Radical honesty

Here’s a tip that could make banks phenomenally successful: radical honesty

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Radical honesty works, but it is difficult.
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Louise Metcalf, Macquarie University

Appearing before the banking royal commission, the newly appointed head of the Commonwealth Bank, Matt Comyn, has held out the prospect of ethical leadership making a difference.

He revealed that for more than a year as head of the Commonwealth’s retail division, he had wanted to shut down an insurance policy that charged many people for cover they were unable to claim.

The head of the bank at the time, his boss Ian Narev, refused, telling him among other things: “temper your sense of justice”.

Comyn made a contemporaneous note that was displayed on a screen at the commission.



The quote (which may be disputed – Narev has not had it put to him by the commission) is almost as memorable as the now infamous one by Oliver Schmidt, the since-jailed general manager in charge of Volkswagen’s engineering and environmental office, in an email during what became the emissions cheating scandal. He was found to have written:

It should first be decided whether we are honest. If we are not honest, everything stays as it is.

Could Australia’s banks decide to be honest?

In his interim report, Commissioner Kenneth Hayne nominated two things that would help: ethical leadership at the top, and consumer financial literacy that would keep those ethical leaders honest.

Unfortunately, there is evidence neither will be enough.

Literacy is a losing battle

Firstly, the notion that financially educated consumers can keep anything at bay is seriously problematic.

Researchers found it hard to even teach financial literacy given it is such a moving target. Continually changing tools and technologies, including the growth of artificially intelligent financial service providers, are hard to stay on top of.

And change from the top is hard

Secondly, there is enormous inertia at the top.

As an example, both the AMP and TAL Insurance released statements after evidence given to the commission supporting some of the unethical practices exposed.

AMP said it’s within its legal rights to charge dead people life insurance premiums, and said it after its chair and chief executive had resigned.




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TAL Insurance said its practice of seeking out medical information unrelated to a claim in order to prove non disclosure and deny the claim was standard industry practice at the time.

Banks have a history of commissioning risk culture studies and then reporting that everything’s fine, something that suggests a commitment to the idea of good behaviour rather than its practice.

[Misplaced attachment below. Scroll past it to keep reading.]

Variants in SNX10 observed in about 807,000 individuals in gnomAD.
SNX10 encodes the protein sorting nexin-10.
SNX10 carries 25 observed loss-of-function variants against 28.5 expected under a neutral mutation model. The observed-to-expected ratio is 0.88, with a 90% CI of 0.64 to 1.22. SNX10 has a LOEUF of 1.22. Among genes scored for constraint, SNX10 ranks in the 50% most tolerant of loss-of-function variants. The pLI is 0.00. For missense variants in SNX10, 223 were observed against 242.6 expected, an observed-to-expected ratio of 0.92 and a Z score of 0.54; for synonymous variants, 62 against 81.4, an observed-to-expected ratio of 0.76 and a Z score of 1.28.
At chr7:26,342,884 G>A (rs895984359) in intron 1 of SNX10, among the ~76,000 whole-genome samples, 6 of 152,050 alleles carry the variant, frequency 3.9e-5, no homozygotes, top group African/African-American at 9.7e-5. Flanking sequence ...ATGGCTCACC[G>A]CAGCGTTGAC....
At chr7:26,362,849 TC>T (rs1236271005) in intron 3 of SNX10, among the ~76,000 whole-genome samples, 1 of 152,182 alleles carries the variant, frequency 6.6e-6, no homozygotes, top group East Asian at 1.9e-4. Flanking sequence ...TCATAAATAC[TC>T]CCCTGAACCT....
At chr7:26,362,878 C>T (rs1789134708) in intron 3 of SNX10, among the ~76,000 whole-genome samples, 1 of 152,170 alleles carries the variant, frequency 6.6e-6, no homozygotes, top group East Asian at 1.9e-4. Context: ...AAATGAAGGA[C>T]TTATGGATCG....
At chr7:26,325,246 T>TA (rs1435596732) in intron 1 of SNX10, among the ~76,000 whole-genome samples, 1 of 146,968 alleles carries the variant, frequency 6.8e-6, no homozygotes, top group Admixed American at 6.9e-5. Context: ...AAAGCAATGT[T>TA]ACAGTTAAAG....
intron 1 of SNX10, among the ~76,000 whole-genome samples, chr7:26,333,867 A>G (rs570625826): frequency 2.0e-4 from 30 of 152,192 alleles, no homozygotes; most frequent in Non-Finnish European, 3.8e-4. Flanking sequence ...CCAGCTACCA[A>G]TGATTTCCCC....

The group’s the thing

Financial incentives can dull our sense of what’s right. Recent research indicates that those with something to gain from bad behaviour are less likely to see it as a problem, all the more so if it is practised in a group.

But groups can also be used to stimulate good behaviour. What is needed is the relatively new concept of “ethical followership”.

Ethical followership is an understanding that doing good in organisations is co-produced by both leaders and their followers.




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Building a culture of ethical followership includes seeking out and recruiting those who are willing to be brave in their ethics and can handle the stress of standing against the crowd for what they know is right.

Radical honesty is the answer

These people, who arrive ready to drive good in the workplace, should be specifically rewarded for calling out and discussing what is wrong and thereby encouraging others to do the same.

Built up around them should be a growing progression to radical honesty, which would include recording, and openly allowing access to, all meeting notes, decisions, even actual tapes of meetings in order to generate a better memory for honesty.

It can make money

Bridgewater Associates, the largest hedge fund in the world, is a champion of radical honesty.

Nearly every meeting is taped and anyone relevant is allowed to go back and watch. Confrontation is as good as compulsory.

It isn’t easy, and it has critics, but it works for Bridgewater.




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In Australia, too many whistleblowers have been alienated and discarded simply for doing what Bridgewater would encourage them to do.

If the bank is brave

Their experiences bring in to question whether Australian financial institutions are capable of embracing the level of ethical followership that would be needed to rebuild trust with the Australian people.

Many within them would see it as too big a price to pay.

Others would see it as a small price to pay for continued access to a stream of government guaranteed deposits.The Conversation

Louise Metcalf, Researcher in Environmental and Organisational Psychology, Macquarie University

This article is republished from The Conversation under a Creative Commons license. Read the original article.

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